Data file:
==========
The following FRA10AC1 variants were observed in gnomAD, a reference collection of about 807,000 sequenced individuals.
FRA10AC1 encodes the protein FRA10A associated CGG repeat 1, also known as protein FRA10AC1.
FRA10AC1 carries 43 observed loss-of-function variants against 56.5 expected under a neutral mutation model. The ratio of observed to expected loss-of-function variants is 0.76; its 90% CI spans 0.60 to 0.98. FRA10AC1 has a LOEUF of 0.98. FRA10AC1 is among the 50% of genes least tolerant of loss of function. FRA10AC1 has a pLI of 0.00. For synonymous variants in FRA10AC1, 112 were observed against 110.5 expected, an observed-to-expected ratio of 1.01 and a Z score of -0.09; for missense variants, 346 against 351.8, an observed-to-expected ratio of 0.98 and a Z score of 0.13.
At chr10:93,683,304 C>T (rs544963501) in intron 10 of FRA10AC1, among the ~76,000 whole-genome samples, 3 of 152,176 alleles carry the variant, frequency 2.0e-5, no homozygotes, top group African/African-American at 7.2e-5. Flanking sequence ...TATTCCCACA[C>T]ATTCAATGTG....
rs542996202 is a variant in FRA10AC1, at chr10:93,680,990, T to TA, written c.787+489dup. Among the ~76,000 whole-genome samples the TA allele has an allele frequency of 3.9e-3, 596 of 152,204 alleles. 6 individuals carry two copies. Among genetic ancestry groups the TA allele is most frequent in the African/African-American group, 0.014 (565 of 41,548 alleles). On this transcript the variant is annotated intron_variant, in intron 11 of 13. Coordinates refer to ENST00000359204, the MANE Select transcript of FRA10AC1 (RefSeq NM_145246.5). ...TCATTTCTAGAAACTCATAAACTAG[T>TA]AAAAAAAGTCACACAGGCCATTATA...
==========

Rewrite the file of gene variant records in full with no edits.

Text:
The following FRA10AC1 variants were observed in gnomAD, a reference collection of about 807,000 sequenced individuals.
FRA10AC1 encodes the protein FRA10A associated CGG repeat 1, also known as protein FRA10AC1.
FRA10AC1 carries 43 observed loss-of-function variants against 56.5 expected under a neutral mutation model. The ratio of observed to expected loss-of-function variants is 0.76; its 90% CI spans 0.60 to 0.98. FRA10AC1 has a LOEUF of 0.98. FRA10AC1 is among the 50% of genes least tolerant of loss of function. FRA10AC1 has a pLI of 0.00. For synonymous variants in FRA10AC1, 112 were observed against 110.5 expected, an observed-to-expected ratio of 1.01 and a Z score of -0.09; for missense variants, 346 against 351.8, an observed-to-expected ratio of 0.98 and a Z score of 0.13.
At chr10:93,683,304 C>T (rs544963501) in intron 10 of FRA10AC1, among the ~76,000 whole-genome samples, 3 of 152,176 alleles carry the variant, frequency 2.0e-5, no homozygotes, top group African/African-American at 7.2e-5. Flanking sequence ...TATTCCCACA[C>T]ATTCAATGTG....
rs542996202 is a variant in FRA10AC1, at chr10:93,680,990, T to TA, written c.787+489dup. Among the ~76,000 whole-genome samples the TA allele has an allele frequency of 3.9e-3, 596 of 152,204 alleles. 6 individuals carry two copies. Among genetic ancestry groups the TA allele is most frequent in the African/African-American group, 0.014 (565 of 41,548 alleles). On this transcript the variant is annotated intron_variant, in intron 11 of 13. Coordinates refer to ENST00000359204, the MANE Select transcript of FRA10AC1 (RefSeq NM_145246.5). ...TCATTTCTAGAAACTCATAAACTAG[T>TA]AAAAAAAGTCACACAGGCCATTATA...